increasing our exporting of energy to europe which then weakens the russians because they won't have the markets in europe they had before and european countries won't depend on them. it's similar to 1946 when winston churchill realized there would be a struggle with the soviet union. this has to be an all-out diplomatic and economic struggle with military in reserve which is why we have training maneuvers going on in poland. training means you train to be ready for combat if that happens. that's why the troops are there. >> seems like deja vu all over again. congressman peter king, thank you so much for joining me this morning. i appreciate it. >> very welcome, carol. still to come in the "newsroom," reports of an object of interest found in the search for flight 370. and the formation of an international investigation team. what does that mean for the search?
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asked about it a few hours ago at a press conference, they said they are aware of this potential debris but that it hasn't been verified so they can't really comment on it at the moment. they also added that none of the debris that's been found so far has been related to mh370. we may know in the next few days once the australian officials have a chance to figure out what exactly this debris is. carol? >> a piece of metal washed up onshore in western australia. investigators are looking at it. hopefully we'll have answers soon. an international team is in place. any word about that? >> reporter: that's right. no clarity at the moment on exactly who will be in that team. we know it will be compromised of international and local experts and the main purpose of this team is to figure out what
happened to mh370 so this kind of incident really doesn't happen again and the significance of this is really the malaysians trying to show they're trying to be as transparent as possible as the acting transport minister said it's important to have a strong, competent, transparent and highly credible independent team because the whole world is watching and malaysia according to the malaysian authorities has nothing to hide. this is a way of really showing that they are trying to be as transparent as possible. >> thank you so much. still to come in the "newsroom," searching for the victims of the south korean ferry disaster. we'll show you the high-tech underwater rover that could help rescue teams search that sunken vessel. on in europe. someone stole her identity and opened some credit cards in her name.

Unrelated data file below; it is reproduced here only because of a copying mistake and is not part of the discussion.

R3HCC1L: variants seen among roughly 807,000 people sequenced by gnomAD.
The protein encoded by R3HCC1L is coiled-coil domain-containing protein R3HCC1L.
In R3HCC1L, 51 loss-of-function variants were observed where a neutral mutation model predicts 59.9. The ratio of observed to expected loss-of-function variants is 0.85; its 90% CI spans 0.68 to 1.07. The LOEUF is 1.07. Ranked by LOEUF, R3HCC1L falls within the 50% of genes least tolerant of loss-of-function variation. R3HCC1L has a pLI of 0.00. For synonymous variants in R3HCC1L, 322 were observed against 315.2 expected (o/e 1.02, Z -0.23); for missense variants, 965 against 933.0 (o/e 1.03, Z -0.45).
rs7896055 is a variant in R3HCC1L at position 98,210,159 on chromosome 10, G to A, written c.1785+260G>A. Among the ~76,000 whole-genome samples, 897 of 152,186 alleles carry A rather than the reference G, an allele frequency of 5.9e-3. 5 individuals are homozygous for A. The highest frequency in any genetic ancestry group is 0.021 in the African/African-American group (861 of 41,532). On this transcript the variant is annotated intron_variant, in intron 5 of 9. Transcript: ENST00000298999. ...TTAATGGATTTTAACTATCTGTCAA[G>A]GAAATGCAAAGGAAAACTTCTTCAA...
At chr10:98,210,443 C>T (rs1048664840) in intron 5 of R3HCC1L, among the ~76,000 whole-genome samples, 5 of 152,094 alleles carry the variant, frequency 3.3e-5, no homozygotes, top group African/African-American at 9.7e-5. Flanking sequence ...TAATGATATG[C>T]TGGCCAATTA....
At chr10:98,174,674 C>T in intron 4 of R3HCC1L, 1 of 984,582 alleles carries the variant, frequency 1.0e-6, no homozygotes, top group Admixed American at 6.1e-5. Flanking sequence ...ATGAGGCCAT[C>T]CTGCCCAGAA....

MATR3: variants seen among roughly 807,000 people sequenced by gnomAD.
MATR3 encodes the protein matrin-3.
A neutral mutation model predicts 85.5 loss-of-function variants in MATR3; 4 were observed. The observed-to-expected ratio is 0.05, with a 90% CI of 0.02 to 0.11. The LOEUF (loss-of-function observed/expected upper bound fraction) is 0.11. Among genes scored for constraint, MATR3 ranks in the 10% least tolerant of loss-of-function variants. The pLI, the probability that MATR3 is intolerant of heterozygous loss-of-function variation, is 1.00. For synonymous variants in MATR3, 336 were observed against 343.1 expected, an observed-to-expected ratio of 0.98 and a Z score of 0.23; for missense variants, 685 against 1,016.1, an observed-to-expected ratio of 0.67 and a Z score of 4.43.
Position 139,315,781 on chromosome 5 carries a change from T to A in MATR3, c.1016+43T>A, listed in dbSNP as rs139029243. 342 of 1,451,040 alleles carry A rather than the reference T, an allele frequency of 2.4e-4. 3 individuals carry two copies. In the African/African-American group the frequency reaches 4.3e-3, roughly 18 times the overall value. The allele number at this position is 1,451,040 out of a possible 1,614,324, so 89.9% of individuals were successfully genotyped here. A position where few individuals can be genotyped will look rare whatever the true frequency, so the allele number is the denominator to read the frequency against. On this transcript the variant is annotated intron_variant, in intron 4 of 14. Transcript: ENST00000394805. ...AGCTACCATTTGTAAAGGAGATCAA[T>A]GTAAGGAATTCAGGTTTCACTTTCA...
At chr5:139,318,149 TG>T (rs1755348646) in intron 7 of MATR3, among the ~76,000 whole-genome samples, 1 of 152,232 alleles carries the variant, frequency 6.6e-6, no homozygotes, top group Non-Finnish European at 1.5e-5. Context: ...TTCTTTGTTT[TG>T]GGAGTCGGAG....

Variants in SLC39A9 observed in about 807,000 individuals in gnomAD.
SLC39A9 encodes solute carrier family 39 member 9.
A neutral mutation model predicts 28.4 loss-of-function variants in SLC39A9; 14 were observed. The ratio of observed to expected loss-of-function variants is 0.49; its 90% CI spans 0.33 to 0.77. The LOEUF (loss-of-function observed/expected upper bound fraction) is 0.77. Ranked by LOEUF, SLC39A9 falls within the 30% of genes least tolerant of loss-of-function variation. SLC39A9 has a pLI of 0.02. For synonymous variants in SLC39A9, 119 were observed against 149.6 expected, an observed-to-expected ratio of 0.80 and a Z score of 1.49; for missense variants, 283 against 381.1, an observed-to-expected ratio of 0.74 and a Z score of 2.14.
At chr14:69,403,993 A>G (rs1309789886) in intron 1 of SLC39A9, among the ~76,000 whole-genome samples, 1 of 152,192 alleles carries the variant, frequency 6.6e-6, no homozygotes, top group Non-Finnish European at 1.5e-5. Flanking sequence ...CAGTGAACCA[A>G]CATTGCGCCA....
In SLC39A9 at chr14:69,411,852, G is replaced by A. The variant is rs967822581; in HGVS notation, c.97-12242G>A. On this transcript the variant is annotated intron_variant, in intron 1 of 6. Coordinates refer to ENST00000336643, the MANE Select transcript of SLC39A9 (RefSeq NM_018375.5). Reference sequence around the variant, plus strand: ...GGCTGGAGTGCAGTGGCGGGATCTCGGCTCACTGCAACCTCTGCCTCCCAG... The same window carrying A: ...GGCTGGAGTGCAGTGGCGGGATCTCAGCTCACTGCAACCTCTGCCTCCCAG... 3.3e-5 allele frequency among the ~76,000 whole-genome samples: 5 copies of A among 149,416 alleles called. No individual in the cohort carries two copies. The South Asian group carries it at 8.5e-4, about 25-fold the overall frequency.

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sunken ferry including latest underwater technology. one tool . >> reporter: if you wonder how robots might help search for passengers, watch this. you're looking at a remotely operated vehicle snaking its way around a sunken shrimp boat off the coast of gloucester, massachusetts. when it comes to ship wrecks, this machine is a workhorse. it maneuvers its way through tiny openings where human divers to fit or it's too dangerous for them to go. >> to go forward you'll use forward. it's very intuitive. very user friendly. to back it up, you'll back up this way. >> reporter: it's like a video